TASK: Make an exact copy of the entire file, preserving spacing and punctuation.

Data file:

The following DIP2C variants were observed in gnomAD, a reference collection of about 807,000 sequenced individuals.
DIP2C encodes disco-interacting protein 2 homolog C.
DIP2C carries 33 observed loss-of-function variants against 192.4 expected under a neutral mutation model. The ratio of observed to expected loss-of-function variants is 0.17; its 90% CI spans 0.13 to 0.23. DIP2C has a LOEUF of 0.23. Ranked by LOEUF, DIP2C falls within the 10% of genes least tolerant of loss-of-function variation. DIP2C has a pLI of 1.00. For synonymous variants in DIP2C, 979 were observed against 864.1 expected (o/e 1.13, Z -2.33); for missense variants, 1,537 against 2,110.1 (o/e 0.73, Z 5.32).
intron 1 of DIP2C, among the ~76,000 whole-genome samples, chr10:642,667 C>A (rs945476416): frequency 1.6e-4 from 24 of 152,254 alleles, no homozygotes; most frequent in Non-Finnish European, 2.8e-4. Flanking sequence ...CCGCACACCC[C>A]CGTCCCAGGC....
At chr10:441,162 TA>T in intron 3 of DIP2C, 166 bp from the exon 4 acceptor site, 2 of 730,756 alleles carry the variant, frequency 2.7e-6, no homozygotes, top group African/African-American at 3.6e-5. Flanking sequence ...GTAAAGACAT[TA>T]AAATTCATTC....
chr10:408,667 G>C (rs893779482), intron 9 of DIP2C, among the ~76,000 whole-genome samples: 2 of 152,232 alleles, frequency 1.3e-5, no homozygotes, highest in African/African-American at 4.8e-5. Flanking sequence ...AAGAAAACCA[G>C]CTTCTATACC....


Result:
The following DIP2C variants were observed in gnomAD, a reference collection of about 807,000 sequenced individuals.
DIP2C encodes disco-interacting protein 2 homolog C.
DIP2C carries 33 observed loss-of-function variants against 192.4 expected under a neutral mutation model. The ratio of observed to expected loss-of-function variants is 0.17; its 90% CI spans 0.13 to 0.23. DIP2C has a LOEUF of 0.23. Ranked by LOEUF, DIP2C falls within the 10% of genes least tolerant of loss-of-function variation. DIP2C has a pLI of 1.00. For synonymous variants in DIP2C, 979 were observed against 864.1 expected (o/e 1.13, Z -2.33); for missense variants, 1,537 against 2,110.1 (o/e 0.73, Z 5.32).
intron 1 of DIP2C, among the ~76,000 whole-genome samples, chr10:642,667 C>A (rs945476416): frequency 1.6e-4 from 24 of 152,254 alleles, no homozygotes; most frequent in Non-Finnish European, 2.8e-4. Flanking sequence ...CCGCACACCC[C>A]CGTCCCAGGC....
At chr10:441,162 TA>T in intron 3 of DIP2C, 166 bp from the exon 4 acceptor site, 2 of 730,756 alleles carry the variant, frequency 2.7e-6, no homozygotes, top group African/African-American at 3.6e-5. Flanking sequence ...GTAAAGACAT[TA>T]AAATTCATTC....
chr10:408,667 G>C (rs893779482), intron 9 of DIP2C, among the ~76,000 whole-genome samples: 2 of 152,232 alleles, frequency 1.3e-5, no homozygotes, highest in African/African-American at 4.8e-5. Flanking sequence ...AAGAAAACCA[G>C]CTTCTATACC....